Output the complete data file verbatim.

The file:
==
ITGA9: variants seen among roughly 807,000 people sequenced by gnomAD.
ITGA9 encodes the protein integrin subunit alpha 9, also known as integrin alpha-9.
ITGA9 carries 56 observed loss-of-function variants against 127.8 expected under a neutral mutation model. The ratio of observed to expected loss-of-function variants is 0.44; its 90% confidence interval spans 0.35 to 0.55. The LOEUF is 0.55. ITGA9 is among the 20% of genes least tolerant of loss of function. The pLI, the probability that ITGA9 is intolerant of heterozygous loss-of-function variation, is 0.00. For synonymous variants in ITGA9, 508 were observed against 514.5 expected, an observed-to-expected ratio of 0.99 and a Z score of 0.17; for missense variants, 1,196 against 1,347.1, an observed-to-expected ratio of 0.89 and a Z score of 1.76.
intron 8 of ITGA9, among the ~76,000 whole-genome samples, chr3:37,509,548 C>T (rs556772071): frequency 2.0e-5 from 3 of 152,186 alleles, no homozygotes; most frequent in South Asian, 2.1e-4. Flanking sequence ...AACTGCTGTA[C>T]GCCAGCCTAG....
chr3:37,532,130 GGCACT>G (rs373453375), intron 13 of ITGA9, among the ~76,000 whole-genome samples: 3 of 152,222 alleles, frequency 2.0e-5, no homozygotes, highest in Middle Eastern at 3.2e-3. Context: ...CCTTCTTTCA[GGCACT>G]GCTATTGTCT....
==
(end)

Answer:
ITGA9: variants seen among roughly 807,000 people sequenced by gnomAD.
ITGA9 encodes the protein integrin subunit alpha 9, also known as integrin alpha-9.
ITGA9 carries 56 observed loss-of-function variants against 127.8 expected under a neutral mutation model. The ratio of observed to expected loss-of-function variants is 0.44; its 90% confidence interval spans 0.35 to 0.55. The LOEUF is 0.55. ITGA9 is among the 20% of genes least tolerant of loss of function. The pLI, the probability that ITGA9 is intolerant of heterozygous loss-of-function variation, is 0.00. For synonymous variants in ITGA9, 508 were observed against 514.5 expected, an observed-to-expected ratio of 0.99 and a Z score of 0.17; for missense variants, 1,196 against 1,347.1, an observed-to-expected ratio of 0.89 and a Z score of 1.76.
intron 8 of ITGA9, among the ~76,000 whole-genome samples, chr3:37,509,548 C>T (rs556772071): frequency 2.0e-5 from 3 of 152,186 alleles, no homozygotes; most frequent in South Asian, 2.1e-4. Flanking sequence ...AACTGCTGTA[C>T]GCCAGCCTAG....
chr3:37,532,130 GGCACT>G (rs373453375), intron 13 of ITGA9, among the ~76,000 whole-genome samples: 3 of 152,222 alleles, frequency 2.0e-5, no homozygotes, highest in Middle Eastern at 3.2e-3. Context: ...CCTTCTTTCA[GGCACT>G]GCTATTGTCT....